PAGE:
It’s not like I’ve conducted a scientific Gallup poll, or even an unscientific web poll, but it is my perception that most people who are involved in crime solving and victim’s advocacy and such are pro death penalty. I am adamantly anti death penalty, which surprises some people, given some of the monsters I have had cause to research and write about. It was an argument with a relative of mine, almost ten years ago, that finally turned me against the death penalty. I am not going to name her, or her relation to me, for reasons which shall become obvious. For the purposes of the story I shall just call her by the random initial of J.

I was fifteen years old at the time and already a fence-sitter on the death penalty issue. I was attending a family gathering and got stuck trying to make conversation with J. We have little in common and I never have anything to say to her, but if I remained silent or walked away from her and read the book I had with me (which I dearly wanted to do), I knew she would complain afterward about how unsociable I was. So I took a stab at a topic that had been in the news lately. This was shortly after Timothy McVeigh had been executed. I brought that up, and I said the death penalty troubled me. Clearly, McVeigh was guilty, but some people facing the death penalty were not. The prospect of innocent people being executed bothered me a great deal, I said.

J. thought this was idiotic — indeed, during this time period she generally thought everything I had to say was idiotic — and proceeded to disagree with me, and we debated/argued over the issue some, and then she said, and I quote, “If they’re on death row, they’re guilty of something.” And she indicated that she didn’t care whether the inmate was in fact guilty of the crime they were convicted of. I was horrified. I actually asked her to repeat her statement, thinking she didn’t realize what she had just said. She repeated it.

So I paraphrased and repeated it back to her, just to make absolutely sure she really meant it: “You’re saying you think they should be executed, even if they didn’t commit murder they’re on death row for? Even if they didn’t kill anyone at ALL?”

Yes, J. said. And said again, “If they’re on death row they’re guilty of something.” She seemed to think that only a horrible, nasty waste of human flesh would ever wind up on death row to begin with.

To this day, I’m not sure how serious she was about this. Perhaps she was just jerking me around, but I don’t think so. She usually didn’t do that. Perhaps she was just angry at me for disagreeing with her — when I was a teenager she thought I should always concede she was right, because she was older and supposedly knew more than I did about everything. I’m not sure whether she would remember the conversation if I brought it up today. There’s a good chance that, whether or not she remembered it, she would deny that it ever took place. (That’s how a lot of people in my family deal with embarrassing and/or uncomfortable events: just pretend they never happened, even in the face of all the evidence to the contrary.) But going back to myself, the fact is that right there, I jumped off the fence and became staunchly against the death penalty. Right at that moment.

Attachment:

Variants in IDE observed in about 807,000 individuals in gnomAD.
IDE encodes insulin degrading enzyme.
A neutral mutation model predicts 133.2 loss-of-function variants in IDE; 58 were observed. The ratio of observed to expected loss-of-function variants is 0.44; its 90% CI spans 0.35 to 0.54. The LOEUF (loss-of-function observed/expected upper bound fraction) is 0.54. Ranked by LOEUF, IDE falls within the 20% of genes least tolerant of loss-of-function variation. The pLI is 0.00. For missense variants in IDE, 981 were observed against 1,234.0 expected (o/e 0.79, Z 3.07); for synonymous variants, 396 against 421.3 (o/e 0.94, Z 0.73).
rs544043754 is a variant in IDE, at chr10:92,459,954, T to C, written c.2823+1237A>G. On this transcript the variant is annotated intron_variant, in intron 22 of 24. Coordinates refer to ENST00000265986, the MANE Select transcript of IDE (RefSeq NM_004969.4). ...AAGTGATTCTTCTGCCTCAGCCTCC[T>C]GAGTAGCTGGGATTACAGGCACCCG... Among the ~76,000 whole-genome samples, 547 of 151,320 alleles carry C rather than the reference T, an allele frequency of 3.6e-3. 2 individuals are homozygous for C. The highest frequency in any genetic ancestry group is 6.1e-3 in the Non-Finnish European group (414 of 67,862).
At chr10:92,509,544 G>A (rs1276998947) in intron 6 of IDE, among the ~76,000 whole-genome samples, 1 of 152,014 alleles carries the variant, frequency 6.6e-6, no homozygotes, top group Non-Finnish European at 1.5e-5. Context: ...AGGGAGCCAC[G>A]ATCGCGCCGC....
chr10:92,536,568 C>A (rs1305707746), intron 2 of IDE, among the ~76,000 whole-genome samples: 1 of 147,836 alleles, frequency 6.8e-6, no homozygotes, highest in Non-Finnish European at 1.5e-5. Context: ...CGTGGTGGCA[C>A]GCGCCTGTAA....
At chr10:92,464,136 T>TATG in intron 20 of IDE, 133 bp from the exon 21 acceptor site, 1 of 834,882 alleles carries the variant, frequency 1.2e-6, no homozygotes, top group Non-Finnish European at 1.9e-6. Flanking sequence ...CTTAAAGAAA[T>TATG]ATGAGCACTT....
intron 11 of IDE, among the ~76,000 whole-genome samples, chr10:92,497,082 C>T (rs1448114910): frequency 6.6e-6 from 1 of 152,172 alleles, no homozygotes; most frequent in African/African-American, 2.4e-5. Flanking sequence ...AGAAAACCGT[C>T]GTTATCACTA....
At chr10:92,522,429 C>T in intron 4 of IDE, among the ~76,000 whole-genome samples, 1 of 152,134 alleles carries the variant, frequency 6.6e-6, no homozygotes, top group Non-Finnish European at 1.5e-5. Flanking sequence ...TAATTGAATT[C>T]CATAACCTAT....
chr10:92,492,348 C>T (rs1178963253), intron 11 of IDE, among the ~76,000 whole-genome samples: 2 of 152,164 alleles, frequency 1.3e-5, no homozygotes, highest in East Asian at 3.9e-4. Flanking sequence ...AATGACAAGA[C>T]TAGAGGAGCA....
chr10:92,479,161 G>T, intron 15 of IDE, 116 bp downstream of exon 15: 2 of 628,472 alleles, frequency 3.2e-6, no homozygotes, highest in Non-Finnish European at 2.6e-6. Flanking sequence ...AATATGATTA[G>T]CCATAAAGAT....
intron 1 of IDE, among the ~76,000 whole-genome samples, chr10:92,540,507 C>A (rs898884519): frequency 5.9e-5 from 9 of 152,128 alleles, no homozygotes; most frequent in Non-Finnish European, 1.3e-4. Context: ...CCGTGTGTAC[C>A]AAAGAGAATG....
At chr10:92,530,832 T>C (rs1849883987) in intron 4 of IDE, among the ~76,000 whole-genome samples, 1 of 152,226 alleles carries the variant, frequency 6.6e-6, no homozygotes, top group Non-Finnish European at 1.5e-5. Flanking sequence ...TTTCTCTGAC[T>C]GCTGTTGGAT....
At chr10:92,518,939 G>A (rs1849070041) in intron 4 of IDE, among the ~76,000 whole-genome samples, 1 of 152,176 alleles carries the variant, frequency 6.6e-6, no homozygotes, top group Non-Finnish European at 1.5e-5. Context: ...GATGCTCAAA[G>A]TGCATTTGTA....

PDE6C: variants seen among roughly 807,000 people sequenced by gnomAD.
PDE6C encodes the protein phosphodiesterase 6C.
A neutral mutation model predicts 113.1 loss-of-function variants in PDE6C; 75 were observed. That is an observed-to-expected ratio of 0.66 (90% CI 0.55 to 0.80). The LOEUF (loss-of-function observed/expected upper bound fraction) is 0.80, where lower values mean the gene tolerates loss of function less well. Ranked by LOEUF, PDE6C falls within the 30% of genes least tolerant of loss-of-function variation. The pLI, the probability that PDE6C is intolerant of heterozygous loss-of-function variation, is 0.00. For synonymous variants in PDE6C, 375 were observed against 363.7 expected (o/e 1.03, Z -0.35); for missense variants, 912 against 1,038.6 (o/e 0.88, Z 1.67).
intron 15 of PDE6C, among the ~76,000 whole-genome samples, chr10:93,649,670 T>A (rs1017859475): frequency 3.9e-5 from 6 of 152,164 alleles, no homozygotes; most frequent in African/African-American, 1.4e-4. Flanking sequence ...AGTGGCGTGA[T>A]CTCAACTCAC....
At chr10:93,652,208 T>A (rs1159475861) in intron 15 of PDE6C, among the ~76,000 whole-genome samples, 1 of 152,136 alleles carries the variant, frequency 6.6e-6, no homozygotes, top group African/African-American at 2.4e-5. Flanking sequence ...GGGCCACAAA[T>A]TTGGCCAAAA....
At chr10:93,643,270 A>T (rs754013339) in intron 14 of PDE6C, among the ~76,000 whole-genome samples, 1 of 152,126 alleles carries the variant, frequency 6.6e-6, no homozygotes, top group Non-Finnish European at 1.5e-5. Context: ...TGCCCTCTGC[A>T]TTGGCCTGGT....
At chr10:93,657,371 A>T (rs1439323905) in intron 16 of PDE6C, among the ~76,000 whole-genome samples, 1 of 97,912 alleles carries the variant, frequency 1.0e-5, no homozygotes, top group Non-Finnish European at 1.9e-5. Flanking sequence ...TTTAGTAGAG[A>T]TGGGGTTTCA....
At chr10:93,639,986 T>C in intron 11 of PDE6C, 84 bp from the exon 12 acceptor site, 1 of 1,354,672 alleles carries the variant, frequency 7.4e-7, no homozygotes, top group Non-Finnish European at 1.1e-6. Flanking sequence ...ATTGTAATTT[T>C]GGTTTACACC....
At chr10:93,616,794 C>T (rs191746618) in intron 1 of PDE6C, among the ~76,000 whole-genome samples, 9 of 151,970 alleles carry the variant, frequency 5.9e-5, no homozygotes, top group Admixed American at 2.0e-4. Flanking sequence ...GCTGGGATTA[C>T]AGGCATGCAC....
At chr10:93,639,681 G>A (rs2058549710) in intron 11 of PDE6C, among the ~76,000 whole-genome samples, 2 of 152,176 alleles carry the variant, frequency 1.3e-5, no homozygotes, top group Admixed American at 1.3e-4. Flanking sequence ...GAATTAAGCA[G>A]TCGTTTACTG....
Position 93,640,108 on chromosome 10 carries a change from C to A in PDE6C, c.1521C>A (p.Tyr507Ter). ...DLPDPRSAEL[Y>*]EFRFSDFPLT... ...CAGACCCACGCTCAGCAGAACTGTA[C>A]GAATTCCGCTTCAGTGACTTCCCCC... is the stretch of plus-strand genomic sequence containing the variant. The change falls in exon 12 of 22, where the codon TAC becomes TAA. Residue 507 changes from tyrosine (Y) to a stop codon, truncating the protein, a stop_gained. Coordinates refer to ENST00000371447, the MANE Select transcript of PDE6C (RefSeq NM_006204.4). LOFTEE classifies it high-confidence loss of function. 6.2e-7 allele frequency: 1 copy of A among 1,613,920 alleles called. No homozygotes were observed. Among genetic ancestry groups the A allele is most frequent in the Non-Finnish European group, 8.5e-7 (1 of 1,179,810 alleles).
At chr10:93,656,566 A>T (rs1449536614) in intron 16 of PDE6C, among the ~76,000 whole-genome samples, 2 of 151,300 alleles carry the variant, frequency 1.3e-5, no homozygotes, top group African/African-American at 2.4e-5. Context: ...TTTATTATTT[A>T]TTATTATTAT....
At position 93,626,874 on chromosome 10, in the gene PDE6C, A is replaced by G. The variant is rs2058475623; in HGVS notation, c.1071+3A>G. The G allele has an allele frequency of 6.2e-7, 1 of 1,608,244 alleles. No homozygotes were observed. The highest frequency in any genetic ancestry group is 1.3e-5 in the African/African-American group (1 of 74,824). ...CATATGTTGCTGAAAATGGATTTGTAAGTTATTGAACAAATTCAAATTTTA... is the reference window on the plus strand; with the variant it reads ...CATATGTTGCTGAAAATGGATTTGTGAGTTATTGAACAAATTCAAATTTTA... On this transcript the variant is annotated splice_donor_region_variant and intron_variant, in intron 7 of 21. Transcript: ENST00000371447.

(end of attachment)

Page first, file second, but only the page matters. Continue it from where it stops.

J. was twenty-eight years old at the time of this conversation, married, with a son, a car, a mortgage, etc. That is, a fully fledged, mature adult. She is now thirty-eight. I know her well and have no reason to believe she’s gotten any more open-minded in the decade since. At 28, she was an attractive, intelligent, middle-class married woman with an associate’s degree and a professional job. She’s still all of those things. She’s just the kind of person any judge or attorney would want on a jury. The kind of person whom you might expect would be more likely than most to be fair and careful in their decision. And, for whatever twisted reason she has worked out in her mind, she seems to have no problem with executing a person who’s not guilty. Kill ’em all and let God sort them out, or whatever.

If there are many more people in this world like J., we should not have a death penalty. People like J. should never be entrusted to decide whether a person should live or die. And yet they are. All the the time.